After a few days of chores and goodbyes in Sitka, I headed for Juneau. I would have loved to continue cruising with the group, but commitments intervened and I needed to make it Juneau in time for a flight back to Seattle.
I departed Sitka at 6:00 a.m. to make slack at Sergius Narrows. The earliest departure in weeks! After cruising in company for the last month, the quietness of the radio was a little unnerving. Was it still working? Where were the friends who’d be eager to assist in an emergency?
My destination for night one was Appleton Cove, about 50 nautical miles from Sitka. Owing to the early start, I arrived around noon and promptly napped. Rain fell for most of the afternoon, and I enjoyed a lazy day on board, dry and warm inside. After being on the go for a month, being lazy felt pretty good.
Somehow, on past trips, I’ve always missed Tenakee Springs, so I made it a point to visit this year. The trip from Appleton Cove to Tenakee Springs was smooth and easy (Chatham Strait cooperated), but I didn’t quite make it to town. Trap Bay, at the mouth of Tenakee Inlet, looked too good to pass up. A 3800 foot high mountain, with a prominent ridge connecting it to a second, smaller peak, forms a dramatic alpine bowl, reminiscent of Cannery Cove in Pybus Bay.
The charts don’t have a lot of detail, and Trap Bay isn’t listed in any of the guidebooks, but it looked so good. I nosed in for a closer look. The shoals seemed accurately charted and the depths were moderate. I dropped the hook in about 70 feet of water with plenty of swinging room. It’s not well protected, but winds were only forecast to blow 10 knots.
Sun mixed with occasional showers throughout the afternoon. The wind stayed calm. I launched the dinghy and headed for Tenakee Springs, six miles up inlet.
Tenakee Springs (pop. 130) was delightful! A single dirt road runs the length of the village. The store is remarkably well stocked and the bakery had delicious cinnamon rolls and empanadas. Some locals are in the process of opening a small museum, and even though it’s not technically open until July 2nd, they let me in for a quick look.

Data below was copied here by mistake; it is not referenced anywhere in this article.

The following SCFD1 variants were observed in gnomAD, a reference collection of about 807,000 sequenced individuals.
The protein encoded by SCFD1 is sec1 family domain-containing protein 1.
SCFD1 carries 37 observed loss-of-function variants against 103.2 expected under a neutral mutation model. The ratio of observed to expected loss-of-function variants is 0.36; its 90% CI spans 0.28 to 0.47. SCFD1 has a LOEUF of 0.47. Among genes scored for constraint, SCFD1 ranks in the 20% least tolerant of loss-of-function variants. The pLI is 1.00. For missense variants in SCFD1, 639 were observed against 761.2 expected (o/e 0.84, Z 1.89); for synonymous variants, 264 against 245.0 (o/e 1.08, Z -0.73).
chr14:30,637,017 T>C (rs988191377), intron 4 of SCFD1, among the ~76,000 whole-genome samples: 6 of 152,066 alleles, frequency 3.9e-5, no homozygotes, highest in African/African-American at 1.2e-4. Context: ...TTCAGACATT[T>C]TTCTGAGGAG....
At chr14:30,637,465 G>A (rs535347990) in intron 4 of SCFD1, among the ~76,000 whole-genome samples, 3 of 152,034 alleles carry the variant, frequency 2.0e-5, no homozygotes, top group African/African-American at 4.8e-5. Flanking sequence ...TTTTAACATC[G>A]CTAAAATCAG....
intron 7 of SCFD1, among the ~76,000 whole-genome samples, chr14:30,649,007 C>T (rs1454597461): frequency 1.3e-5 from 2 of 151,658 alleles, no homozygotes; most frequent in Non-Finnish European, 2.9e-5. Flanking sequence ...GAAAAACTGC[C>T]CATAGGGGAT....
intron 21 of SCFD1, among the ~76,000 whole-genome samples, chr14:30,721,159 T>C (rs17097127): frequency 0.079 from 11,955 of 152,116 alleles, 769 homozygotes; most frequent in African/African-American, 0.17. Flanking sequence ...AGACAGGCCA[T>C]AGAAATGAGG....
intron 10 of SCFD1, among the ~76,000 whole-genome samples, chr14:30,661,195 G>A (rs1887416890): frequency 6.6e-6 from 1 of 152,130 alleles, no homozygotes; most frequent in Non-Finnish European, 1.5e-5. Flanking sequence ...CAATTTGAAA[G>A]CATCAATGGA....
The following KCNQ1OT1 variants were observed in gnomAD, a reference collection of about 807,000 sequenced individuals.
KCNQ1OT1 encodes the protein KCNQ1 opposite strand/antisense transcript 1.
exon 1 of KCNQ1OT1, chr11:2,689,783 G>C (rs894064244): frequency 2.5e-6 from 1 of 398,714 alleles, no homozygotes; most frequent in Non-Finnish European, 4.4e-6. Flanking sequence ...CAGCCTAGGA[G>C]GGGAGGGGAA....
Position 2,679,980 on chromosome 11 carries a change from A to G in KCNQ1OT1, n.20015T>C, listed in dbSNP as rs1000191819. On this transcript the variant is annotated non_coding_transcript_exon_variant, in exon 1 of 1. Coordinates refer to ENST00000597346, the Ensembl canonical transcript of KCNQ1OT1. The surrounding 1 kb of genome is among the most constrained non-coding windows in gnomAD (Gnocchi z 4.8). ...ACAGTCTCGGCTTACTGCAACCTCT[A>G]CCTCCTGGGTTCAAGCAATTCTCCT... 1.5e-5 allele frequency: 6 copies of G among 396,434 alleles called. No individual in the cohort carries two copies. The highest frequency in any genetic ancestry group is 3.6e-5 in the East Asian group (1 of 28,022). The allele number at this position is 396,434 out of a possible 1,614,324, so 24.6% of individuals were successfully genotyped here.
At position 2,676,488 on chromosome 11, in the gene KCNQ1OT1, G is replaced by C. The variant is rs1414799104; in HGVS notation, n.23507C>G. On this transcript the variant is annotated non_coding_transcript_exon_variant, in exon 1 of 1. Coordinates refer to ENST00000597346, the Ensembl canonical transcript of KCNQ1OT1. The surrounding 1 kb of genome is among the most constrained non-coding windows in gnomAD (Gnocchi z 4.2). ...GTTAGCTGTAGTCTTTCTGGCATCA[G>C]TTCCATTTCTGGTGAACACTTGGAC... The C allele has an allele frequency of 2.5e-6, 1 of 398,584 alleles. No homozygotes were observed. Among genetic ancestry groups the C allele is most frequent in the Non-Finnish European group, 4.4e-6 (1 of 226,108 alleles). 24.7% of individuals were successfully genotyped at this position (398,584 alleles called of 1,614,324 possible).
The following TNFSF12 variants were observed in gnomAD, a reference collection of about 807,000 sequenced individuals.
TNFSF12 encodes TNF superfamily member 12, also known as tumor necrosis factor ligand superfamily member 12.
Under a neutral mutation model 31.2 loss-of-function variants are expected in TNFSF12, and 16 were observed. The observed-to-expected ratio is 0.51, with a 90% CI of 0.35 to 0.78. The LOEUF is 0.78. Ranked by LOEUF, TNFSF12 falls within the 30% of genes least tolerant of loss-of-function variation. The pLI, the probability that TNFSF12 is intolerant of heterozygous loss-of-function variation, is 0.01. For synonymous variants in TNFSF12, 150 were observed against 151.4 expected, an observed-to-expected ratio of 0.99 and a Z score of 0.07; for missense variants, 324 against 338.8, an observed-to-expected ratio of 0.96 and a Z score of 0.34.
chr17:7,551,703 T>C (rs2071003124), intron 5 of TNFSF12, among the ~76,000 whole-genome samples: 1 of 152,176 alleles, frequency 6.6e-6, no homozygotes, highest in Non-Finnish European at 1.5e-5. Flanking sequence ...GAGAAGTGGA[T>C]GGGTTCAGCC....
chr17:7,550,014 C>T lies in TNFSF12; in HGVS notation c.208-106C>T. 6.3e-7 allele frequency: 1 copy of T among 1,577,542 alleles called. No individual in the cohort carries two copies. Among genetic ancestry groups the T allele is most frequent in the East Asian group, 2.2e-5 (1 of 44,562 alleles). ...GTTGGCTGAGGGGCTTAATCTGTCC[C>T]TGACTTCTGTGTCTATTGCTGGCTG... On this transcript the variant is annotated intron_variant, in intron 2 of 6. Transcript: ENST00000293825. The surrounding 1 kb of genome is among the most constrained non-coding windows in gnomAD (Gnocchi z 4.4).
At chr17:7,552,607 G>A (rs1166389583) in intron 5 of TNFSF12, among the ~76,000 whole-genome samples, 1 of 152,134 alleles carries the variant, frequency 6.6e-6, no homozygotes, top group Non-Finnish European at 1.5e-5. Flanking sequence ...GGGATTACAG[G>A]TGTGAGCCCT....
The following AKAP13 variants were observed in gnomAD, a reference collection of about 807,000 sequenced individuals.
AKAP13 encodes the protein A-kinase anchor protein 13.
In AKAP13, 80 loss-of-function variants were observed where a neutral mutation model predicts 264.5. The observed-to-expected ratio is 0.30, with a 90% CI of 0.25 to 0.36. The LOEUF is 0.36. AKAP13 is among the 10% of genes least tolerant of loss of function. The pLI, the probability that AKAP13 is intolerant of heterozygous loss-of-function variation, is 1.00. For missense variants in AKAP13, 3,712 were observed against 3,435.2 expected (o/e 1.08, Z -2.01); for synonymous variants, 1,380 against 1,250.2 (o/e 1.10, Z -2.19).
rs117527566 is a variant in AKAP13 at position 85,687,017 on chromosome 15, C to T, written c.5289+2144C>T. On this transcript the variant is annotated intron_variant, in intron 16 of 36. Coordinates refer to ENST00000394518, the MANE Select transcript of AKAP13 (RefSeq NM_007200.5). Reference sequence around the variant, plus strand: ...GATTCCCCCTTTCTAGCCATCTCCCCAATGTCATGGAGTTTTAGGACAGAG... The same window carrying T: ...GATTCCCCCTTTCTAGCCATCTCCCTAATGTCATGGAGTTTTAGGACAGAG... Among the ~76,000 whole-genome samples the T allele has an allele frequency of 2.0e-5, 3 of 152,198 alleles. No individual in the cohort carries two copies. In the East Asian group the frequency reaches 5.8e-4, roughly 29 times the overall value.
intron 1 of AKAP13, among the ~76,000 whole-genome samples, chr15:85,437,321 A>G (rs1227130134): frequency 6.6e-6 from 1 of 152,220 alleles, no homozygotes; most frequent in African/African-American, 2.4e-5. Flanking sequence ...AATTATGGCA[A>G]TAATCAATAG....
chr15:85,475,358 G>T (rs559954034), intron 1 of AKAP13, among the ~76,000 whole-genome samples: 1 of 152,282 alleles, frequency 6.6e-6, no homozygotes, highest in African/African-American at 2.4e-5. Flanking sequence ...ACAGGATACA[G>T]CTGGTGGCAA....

The bathhouse, which was built in 1939, is the center of town. I had low expectations—it’s a concrete building, genders have assigned hours, and clothes are not permitted. But it turned out to be a highlight. I had the place to myself, and it’s way more than a drab concrete building. Above the bath is an atrium with plants growing. Below the concrete is natural rock, with a huge crack that looks like the abyss. All the concrete has a patina from decades of mineral-rich water flowing over.
On the way back to the boat I spotted a small group of Dall’s Porpoises ahead. As I approached, I throttled back to just keep the dinghy on plane, hoping they would come over and play. It worked! These must be the most happy-go-lucky animals on the planet, and they swooped and splashed around the dinghy for several minutes. I managed to get some video with my phone without dropping the phone or myself overboard.
The next day dawned clear, sunny, and calm. I headed for Funter Bay. Unfortunately I’d come down with a nasty cold, and as soon as I arrived in Funter I fell asleep. By the time I woke up, clouds had moved in. So much for enjoying the sun.
Feeling lousy, and within a day of Juneau, I decided to stay another night in Funter. The day off was restful and I felt the cold slipping away. About 5:00 p.m., I woke from a nap, walked up the stairs to the pilothouse, and glanced out the window towards a group of humpbacks bubble net feeding. No way, I thought, as I rubbed the sleep out of my eyes. Could they really be here, 200 yards from my anchored boat? I watched the water carefully, and sure enough, they were.
Bubble net feeding is a remarkable phenomenon. Humpbacks only feed during summer, when they’re in cold, nutrient rich water. The other half of the year, when they migrate to Mexico and Hawaii and the like, they focus on breeding. Imagine the caloric intake needed to sustain an 80,000-pound animal for six months! In order to store enough food for the winter, humpbacks feed for up to 22 hours per day during summer. And in order to more efficiently feed, some groups have learned (yep, it’s not instinctual) to feed cooperatively. It works like this: each whale dives and ends up in a formation of sorts, something approximating a circle. Each whale exhales underwater, which collectively forms a “net” of bubbles, trapping fish in the column of water above them. With the fish stuck in the column, the whales simultaneously ascend to the surface, mouths open, scooping up food.
Still ahead of schedule (no weather or mechanical issues!), I made a short hop from Funter Bay to Admiralty Cove the following day. Just outside Funter, the whales were still in a feeding frenzy. I made my way north slowly, pacing the whales, watching them breach and bubble net feed for over an hour. Awesome!
After a quick overnight at Admiralty Cove, I headed for Juneau. Chores, chores, and more chores! Next: Tracy Arm and Ford’s Terror.
173 nm and 23.94 engine hours this leg